(October 12, 2016) – Traditional "Large Lot Zoning" is "Greener" than "Smart Growth" within Urban Growth Boundaries . . . Copyright 2009 – 2016 . . . Tom Lane . . . Photographing California, Arizona, Nevada, New Mexico, Colorado, Utah, Oregon, and Seattle, Washington.
(June 2, 2015) CORRECTION August 11, 2015 Apparently, Dan Roundtree ran the election. I don’t know his positions on smart growth. Will have to correct post !!!!
California urban planners have been waiting all evening to see if Thousand Oaks voters (mostly soccer moms and pops, and, retirees, who all favor homes with private yards, not Smart Growth Towers) will elect Ed Jones, who opposes the Smart Growth plan for Thousand Oaks Boulevard. As of Midnight tonight, Jones has won by about 70 votes. But there are many more mail in ballots to count for the four candidates.
California planners must plan their cities under Governor Jerry Brown’s Smart Growth rules for climate change, reducing greenhouse gases by increasing density as “infill” development. However, many urban planners recognize that this is impossible given the suburban nature of their cities. In fact, it is easier to get smart growth towers approved in Arizona, than California.
In the past three years, I’ve talked with numerous California urban planners and they mention that they really cannot “re-design” their cities to make them more dense, with transit oriented developments. I will not mention any planners names, but a common response was, “We can show The Governor that we have already put bike lanes all over.”
Of course, if there are more bike lanes, then more people will bike and that will reduce greenhouse gases. However, in low density suburbs designed for the personal automobile, most people will still drive to work. And, Governor Brown has no business telling city councilors and city planners how to plan their cities.
Thousand Oaks doesn’t need to reduce any greenhouse gases. They have enough oak trees in their open space network to absorb them. Ed Jones was part of the committee for the early 1970’s Thousand Oaks master plan. The plan said that developers must donate 25% of their property as open space. Today, Thousand Oaks is about one third open space, one of the highest for a city of over 100,000 persons (pop = 120,000). Scottsdale, is also one third open space, due to the McDowell Sonoran Preserve.
As for Thousand Oaks, I have not read the PDF for their downtown revitilization. Nevertheless, Ed Jones was very wise when he said that smart growth isn’t financially feasible on Thousand Oaks Boulevard, since someone would have to come up with billions of dollars to buy all the businesses (link):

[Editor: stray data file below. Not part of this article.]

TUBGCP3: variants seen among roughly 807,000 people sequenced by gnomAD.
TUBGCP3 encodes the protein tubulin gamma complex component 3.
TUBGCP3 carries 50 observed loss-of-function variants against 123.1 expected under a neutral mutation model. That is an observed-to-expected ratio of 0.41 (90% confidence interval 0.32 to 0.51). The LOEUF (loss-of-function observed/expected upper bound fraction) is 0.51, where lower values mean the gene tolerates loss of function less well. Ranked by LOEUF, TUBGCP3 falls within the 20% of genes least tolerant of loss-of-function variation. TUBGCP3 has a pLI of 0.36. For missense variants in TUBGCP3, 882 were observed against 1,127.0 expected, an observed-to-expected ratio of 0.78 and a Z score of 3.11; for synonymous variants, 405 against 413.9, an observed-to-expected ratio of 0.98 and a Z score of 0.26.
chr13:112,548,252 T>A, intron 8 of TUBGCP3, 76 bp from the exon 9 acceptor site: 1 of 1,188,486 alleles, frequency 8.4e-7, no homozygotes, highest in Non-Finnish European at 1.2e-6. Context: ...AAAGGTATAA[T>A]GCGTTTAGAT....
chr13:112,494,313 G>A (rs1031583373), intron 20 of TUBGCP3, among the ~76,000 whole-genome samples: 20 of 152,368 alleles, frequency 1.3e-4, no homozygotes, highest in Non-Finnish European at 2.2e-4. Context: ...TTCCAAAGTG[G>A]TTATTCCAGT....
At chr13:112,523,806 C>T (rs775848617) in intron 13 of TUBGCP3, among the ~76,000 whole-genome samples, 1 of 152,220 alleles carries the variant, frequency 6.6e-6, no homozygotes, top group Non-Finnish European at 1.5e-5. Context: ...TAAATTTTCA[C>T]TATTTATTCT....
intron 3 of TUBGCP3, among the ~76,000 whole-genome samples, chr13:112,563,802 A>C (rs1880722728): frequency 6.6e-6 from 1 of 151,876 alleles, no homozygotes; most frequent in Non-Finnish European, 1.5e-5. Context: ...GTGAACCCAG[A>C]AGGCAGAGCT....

2. What does a Thousand Oaks downtown look like to you? What issues should the City Council keep in mind with development changes to Thousand Oaks Boulevard?
I believe trying to make the area surrounding the Civic Arts Plaza a downtown area will not work, unless someone comes up with multi-millions of dollars to buy up and convert all the automotive parts stores, car repair shops, tire stores, gas stations, a large car dealership etc. Into boutiques, dress shops, quaint bistros, gift shops, flower shops etc.
Thousand Oaks Blvd. is more like Gasoline Alley than State Street in Santa Barbara. Our original concept (I was on the Thousand Oaks Master Plan Committee in 1968-69) was the Barbell concept for commercial. The two large bells (Oaks and Janss Malls on west end and Westlake Malls on the east end) will be more like downtowns.
Relevance to Scottsdale, Arizona
Scottsdale, Arizona faces dark money interests to build smart growth towers and Judy Eisenhower wants light rail in Scottsdale. However, Scottsdale, like Thousand Oaks, is a very low density city. It would take billions of dollars to buy businesses on Scottsdale Road, all the way from Tempe up to Pinnacle Peak. Where would this money come from?
In my ex-hometown of Seattle (i.e. “Smart Growth Seattle”), the City wanted to bury a freeway underground, so that they could have prime waterfront real estate to build Smart Growth Towers. However, the downtown tunnel remains on hold since the tunnel machine is literally stuck underground. Cost overruns could reach tens if not hundreds of millions of dollars, and the city could go bankrupt. Light rail is also subject to huge cost overruns, and rail lines decrease property values, sales tax revenues, and ultimately lead to urban decay.
More Later on Thousand Oaks
Along with Irvine, Valencia, and a few others, Thousand Oaks serves as your prototypical auto-oriented, low density, master planned Southern California Suburb, and I have spend a lot of time studying The City. I’ll post photographs here, later.